WPP boss Sir Martin Sorrell ‘gives good conference’ (as they don’t say very often) and he was at it again last week, providing an intriguing soundbite for a talk-fest ‘Beyond Advertising’ at his giant media agency MediaCom.
This is what he said, according to The Drum (they were there, I was somewhere else – as usual).
[It’s] the medium, or media, that determines the nature of the creative content, a fact which “doesn’t go down well” in established ad agencies.
The days in which creatives ruled have gone and media departments are now much more front and centre. It’s much more balanced now, which is for the best. The Don Drapers of the world did rule, but no longer.
And here he is on the same theme, more or less, around an FT conference – “Math Men not Mad Men.”
The first of which prompted an ‘open letter’ to SMS from Mark Silber (left), ECD at WPP mobile marketing agency Joule, bemoaning another brickbat aimed at poor old creatives.
Well it’s all good knockabout stuff but the reality is as Sorrell described it – media shapes the message more than any other criterion, certainly the wishes of creatives. As my friend George Parker noted, Marshall McLuhan got there first with this one nearly 60 years ago.
The real question is: what do you do about it? In particular, what kind of people should be running agencies and, indeed, advertisers in this new media age and how should they behave?
Media execs are indeed on the up in the big holding companies (it’s highly likely that Sorrell’s eventual successor at WPP will be from media, inside or outside WPP). But it’s creative work that wins and keeps big accounts – and media execs aren’t always the best at judging such matters. Nick Brien’s fortunes as CEO of McCann being a case in point.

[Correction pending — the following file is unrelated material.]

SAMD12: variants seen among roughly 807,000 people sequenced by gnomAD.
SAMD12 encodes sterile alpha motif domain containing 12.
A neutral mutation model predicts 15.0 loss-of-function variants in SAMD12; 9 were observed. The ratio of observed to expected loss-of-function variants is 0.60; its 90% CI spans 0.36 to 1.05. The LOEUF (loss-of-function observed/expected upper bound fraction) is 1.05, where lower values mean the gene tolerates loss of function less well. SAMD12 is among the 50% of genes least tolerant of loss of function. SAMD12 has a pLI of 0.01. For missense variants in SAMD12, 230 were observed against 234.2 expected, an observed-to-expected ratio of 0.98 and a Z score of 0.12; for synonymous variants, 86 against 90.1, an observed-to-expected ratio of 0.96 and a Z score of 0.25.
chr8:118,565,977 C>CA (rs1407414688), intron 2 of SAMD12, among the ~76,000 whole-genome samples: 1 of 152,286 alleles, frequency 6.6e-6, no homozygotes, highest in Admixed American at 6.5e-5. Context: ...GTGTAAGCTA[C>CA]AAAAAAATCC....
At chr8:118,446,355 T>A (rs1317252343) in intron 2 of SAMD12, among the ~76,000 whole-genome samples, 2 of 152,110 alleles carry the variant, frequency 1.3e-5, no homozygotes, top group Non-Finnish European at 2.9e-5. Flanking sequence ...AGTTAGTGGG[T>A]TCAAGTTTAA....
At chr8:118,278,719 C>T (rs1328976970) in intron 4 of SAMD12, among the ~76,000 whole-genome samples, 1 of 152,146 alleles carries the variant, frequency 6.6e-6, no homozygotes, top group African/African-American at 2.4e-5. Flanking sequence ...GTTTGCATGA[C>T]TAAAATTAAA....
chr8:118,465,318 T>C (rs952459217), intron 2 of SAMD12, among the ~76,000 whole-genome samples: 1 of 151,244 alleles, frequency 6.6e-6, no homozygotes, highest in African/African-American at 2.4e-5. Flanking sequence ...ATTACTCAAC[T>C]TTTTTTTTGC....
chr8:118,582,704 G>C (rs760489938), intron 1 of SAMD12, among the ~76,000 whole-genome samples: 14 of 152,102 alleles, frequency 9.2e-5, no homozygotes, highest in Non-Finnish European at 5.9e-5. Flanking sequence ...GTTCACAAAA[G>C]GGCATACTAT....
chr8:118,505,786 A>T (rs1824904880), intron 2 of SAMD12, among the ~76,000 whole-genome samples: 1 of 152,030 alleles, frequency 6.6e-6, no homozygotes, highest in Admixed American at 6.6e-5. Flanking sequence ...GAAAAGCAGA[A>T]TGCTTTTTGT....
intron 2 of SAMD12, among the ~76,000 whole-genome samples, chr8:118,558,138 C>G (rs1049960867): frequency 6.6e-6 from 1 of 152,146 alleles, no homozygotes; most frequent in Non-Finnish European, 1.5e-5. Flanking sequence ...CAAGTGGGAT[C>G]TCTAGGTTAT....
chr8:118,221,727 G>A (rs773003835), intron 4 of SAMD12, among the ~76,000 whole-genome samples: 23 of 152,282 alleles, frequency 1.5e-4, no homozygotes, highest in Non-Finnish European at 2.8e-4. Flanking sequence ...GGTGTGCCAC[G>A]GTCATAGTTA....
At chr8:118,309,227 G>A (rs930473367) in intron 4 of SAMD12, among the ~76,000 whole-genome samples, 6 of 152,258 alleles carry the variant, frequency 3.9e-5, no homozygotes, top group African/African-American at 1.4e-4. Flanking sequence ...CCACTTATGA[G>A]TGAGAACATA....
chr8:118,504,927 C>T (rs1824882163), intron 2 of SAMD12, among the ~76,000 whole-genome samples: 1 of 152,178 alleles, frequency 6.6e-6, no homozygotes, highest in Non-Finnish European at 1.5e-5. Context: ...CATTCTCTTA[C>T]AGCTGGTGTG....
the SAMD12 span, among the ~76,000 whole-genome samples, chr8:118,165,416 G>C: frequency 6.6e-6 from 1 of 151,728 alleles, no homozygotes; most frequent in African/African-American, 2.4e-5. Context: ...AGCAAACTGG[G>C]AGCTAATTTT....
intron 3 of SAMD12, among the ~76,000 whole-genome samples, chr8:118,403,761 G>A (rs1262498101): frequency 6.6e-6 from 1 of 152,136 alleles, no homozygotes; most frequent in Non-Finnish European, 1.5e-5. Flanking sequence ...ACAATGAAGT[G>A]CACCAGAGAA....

And, bizarrely in the light of Sorrell’s comments, people still make their way in agencies in one of three only loosely connected disciplines: creative, media and account handling. Most of the bosses have come from account handling (knowing about as much about creativity as most media execs according to many creatives).
Surely it would make sense for everybody to spend some time at each one? You can see why Sorrell calls it a “legacy business” although it’s surely in his remit to do something about this aspect of it.
Anyway, there you go. If clients keep ‘extending’ payment terms – as Mondelez and P&G among others are busily doing – there won’t be any money to run agencies anyway, maths or no maths.